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MADELEINE BRAND, host:

Two years ago Indie Rock band Cold War Kids burst out of Long Beach, California earning critical acclaim for their first full length CD, it's called "Robbers and Cowards." The follow up just out now is called "Loyalty to Loyalty," the band is gambling with it's success on this album, it's not as radio friendly as their debut, and the lyrics sometimes wade through tough terrain like politics, even like existentialism, not usually the stuff great pop is made of. Lead singer Nate Willett recently sat down with music journalist Christian Bordal to talk about Cold War Kids second album.

(Soundbite from the "Loyalty to Loyalty" Album by Cold War Kids)

CHRISTIAN BORDAL: In the 1800s, German philosopher Friedrich Nietzsche was writing about the will to power, and the ubermensch, or superman. Nate Willett, lead singer of Cold War Kids, says that the name of his band's new album is based on the work of a little-known California philosopher named Josiah Royce who was calling Nietzsche out in the early 1900s.

Mr. NATE WILLETT (Lead Singer, Cold War Kids): Josiah Royce in his paper Loyalty to Loyalty was saying that the ultimate pursuit of mankind should be to live in community and to embrace each other and not to try to you know trample each other and rise to the top. And a lot of the songs on the record straddle the line between both of those philosophies.

BORDAL: Don't worry, the Cold War Kids' new album is not a philosophical treatise nor is it overtly political, but when you scratch the surface of his lyrics, you will find Nate Willett pondering issues of personal politics, such as in the song "Welcome to the Occupation" in which he debates the value of being a teacher versus following a more selfish dream to be an artist.

Mr. WILLETT: I was English teaching in Torrance, California, what I experienced being kind of like bound to the state standards of teaching and not having a lot of creative space to really be very inspired and also this is kind of right before we started touring and I very much wanted to be like an, you know an artist and have that kind of freedom.

(Soundbite from the "Welcome to the Occupation" Album)

BORDAL: More personal politics. One of the slow-tempo tunes on the record, called "Every Man I Fall For," is a song about relationships from a woman's perspective.

(Soundbite of song "Every Man I Fall For")

Mr. WILLET: (Singing) Every man I fall for drinks his coffee black.

Mr. WILLETT: Coming from a divorced family and my mom was very important to me and I think that I have always been very sensitive to how women - they generally get more screwed by relationships than men do, and even that idea I thought like was that a very sexist idea to say that? I don't think so. You know, I think it's just generally true.

(Soundbite of song "Every Man I Fall For")

Mr. WILLET: (Singing) And I fall, I live with what you're saying. It's the last. Too menacing to take. It's the last. Too menacing to take.

BORDAL: For a band that talks about Nietzsche and writes quirky, sparse indie pop, Cold War Kids' first full-length, Robbers and Cowards, did surprisingly well, and that's put some pressure on the band to avoid the infamous sophomore jinx. But Nate insists they're not heading down that road.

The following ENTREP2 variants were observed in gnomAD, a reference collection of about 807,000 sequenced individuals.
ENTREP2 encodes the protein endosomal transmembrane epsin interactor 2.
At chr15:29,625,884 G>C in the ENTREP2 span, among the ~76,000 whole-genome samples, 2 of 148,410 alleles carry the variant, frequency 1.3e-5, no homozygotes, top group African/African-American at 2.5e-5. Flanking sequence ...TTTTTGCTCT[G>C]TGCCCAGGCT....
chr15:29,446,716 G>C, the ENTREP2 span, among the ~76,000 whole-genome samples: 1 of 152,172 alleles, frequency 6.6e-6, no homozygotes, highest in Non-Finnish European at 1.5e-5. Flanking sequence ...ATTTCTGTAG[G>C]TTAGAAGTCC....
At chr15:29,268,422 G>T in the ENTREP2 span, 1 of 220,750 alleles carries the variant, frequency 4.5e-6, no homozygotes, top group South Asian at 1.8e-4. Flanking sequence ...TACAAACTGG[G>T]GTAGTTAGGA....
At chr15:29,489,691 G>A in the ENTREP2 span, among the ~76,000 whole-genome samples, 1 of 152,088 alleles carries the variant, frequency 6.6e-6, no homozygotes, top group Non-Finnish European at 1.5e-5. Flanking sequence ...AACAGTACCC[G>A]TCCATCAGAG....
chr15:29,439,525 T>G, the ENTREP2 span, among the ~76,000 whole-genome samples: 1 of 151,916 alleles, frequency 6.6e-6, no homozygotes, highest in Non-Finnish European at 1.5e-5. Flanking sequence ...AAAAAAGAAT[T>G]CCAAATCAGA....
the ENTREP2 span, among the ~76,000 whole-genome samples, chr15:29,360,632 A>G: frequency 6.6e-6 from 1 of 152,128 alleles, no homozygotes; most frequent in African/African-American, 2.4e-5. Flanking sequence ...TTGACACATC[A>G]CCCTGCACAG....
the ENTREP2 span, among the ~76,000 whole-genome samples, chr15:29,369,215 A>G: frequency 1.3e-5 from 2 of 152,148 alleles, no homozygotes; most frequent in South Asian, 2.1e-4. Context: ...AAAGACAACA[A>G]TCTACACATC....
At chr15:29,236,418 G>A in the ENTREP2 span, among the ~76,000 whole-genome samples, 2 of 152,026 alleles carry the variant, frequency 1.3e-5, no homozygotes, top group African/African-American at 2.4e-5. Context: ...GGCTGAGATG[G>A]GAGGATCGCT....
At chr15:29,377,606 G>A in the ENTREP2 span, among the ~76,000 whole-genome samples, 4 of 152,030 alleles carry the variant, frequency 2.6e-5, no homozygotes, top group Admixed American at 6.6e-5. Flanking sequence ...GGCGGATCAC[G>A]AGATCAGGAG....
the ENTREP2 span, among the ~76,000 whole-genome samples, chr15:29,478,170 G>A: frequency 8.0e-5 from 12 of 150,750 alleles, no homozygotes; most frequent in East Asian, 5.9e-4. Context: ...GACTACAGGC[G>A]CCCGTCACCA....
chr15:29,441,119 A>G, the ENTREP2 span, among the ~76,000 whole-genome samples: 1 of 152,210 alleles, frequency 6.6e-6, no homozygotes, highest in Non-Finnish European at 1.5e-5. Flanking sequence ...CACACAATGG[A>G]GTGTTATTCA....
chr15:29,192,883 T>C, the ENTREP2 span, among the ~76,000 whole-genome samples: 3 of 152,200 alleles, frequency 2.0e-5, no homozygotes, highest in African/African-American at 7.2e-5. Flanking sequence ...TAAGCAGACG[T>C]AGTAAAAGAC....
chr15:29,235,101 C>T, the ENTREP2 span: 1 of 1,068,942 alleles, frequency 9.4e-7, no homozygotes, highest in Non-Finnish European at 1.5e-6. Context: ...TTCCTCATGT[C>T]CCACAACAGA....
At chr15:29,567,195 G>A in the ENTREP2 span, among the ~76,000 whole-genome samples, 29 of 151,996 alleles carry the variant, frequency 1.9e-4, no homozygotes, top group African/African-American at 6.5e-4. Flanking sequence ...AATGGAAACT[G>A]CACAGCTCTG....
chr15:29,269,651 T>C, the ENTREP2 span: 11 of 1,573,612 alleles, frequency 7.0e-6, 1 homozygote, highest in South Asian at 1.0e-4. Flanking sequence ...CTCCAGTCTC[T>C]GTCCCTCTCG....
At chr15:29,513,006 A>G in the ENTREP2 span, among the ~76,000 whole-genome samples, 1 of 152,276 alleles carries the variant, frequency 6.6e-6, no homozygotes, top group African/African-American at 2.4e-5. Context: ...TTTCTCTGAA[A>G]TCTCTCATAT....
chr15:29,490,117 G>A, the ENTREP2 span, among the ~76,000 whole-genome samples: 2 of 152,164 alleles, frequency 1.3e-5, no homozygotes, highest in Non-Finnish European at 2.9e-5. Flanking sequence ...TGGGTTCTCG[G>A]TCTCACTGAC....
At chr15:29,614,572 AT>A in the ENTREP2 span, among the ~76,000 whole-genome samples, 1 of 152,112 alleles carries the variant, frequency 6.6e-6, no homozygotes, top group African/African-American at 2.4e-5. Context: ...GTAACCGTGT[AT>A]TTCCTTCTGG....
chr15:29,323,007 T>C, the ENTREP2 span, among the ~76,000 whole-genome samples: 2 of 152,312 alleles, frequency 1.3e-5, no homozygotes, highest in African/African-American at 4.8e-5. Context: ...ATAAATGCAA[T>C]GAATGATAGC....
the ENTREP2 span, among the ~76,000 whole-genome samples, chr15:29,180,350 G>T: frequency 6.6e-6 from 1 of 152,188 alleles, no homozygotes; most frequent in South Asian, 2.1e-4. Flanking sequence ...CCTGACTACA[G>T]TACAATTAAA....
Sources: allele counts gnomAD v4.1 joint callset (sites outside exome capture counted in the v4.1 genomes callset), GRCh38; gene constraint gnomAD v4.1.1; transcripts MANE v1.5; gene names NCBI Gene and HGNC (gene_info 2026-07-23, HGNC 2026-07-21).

Mr. WILLET: The choices that we make as a whole have always been really organic ones, you know to try to grow at a rate that makes sense and not necessarily talking ever about, is there a great single, is this a big breakthrough for us? Is this the next level for us? I mean yeah there is a stress and I guess that the way we deal with it is to ignore it.

(Soundbite of song "Something Is Not Right With Me")

Mr. WILLET: (Singing) Something is not right with me. Something is not right with me. Something is not right with me. How am I supposed to know?

BORDAL: Well, no need to get too stressed, because on "Loyalty to Loyalty," the band continues its compelling efforts to take apart the traditional pop song structure. Their wide-open, high-energy arrangements, as with their live show, give all four instruments equal billing, leaving plenty of uncluttered space in between.

Mr. WILLET: The most complimentary thing when people get that there are four instruments and they all have unique voices and in that way that is very atypical of a rock 'n' roll band.

(Soundbite of song "Something Is Not Right With Me")

Mr. WILLET: (Singing) I tried to call you collect you said you would not accept. Your friends are laughing cause' nobody uses pay phones. Gave me quarters to select. So I'm on the jukebox again. People dancin'. Shoulda never chose girlfriend.

BORDAL: Cold War Kids are indeed atypical, making indie punk and art pop with minimalist lyrics and intellectual roots that has the energy and pop appeal to get spins on commercial radio and sell CDs check it out.

(Soundbite of song "Something Is Not Right With Me")

Mr. WILLET: (Singing) Something is not right with me. Something is not right with me. Something is not right with me. I'm trying not to let it show.

BRAND: The band is Cold War kids. There new CD is called "Loyalty to Loyalty" and lead singer Nate Willet spoke with music journalist Christian Bordal at our NPR West studios.

(Soundbite of song "Something Is Not Right With Me")

Mr. WILLET: (Singing) Crash into the people who're. Sleepin' late into the evening. Reach behind they can hardly find their spines. Crash into the people who're. Sleepin' late into the evening Reach behind they can hardly find their spines. Crash into the people who're. Sleepin' late into the evening. Reach behind they can hardly find their spines. You said it's too late to cause.

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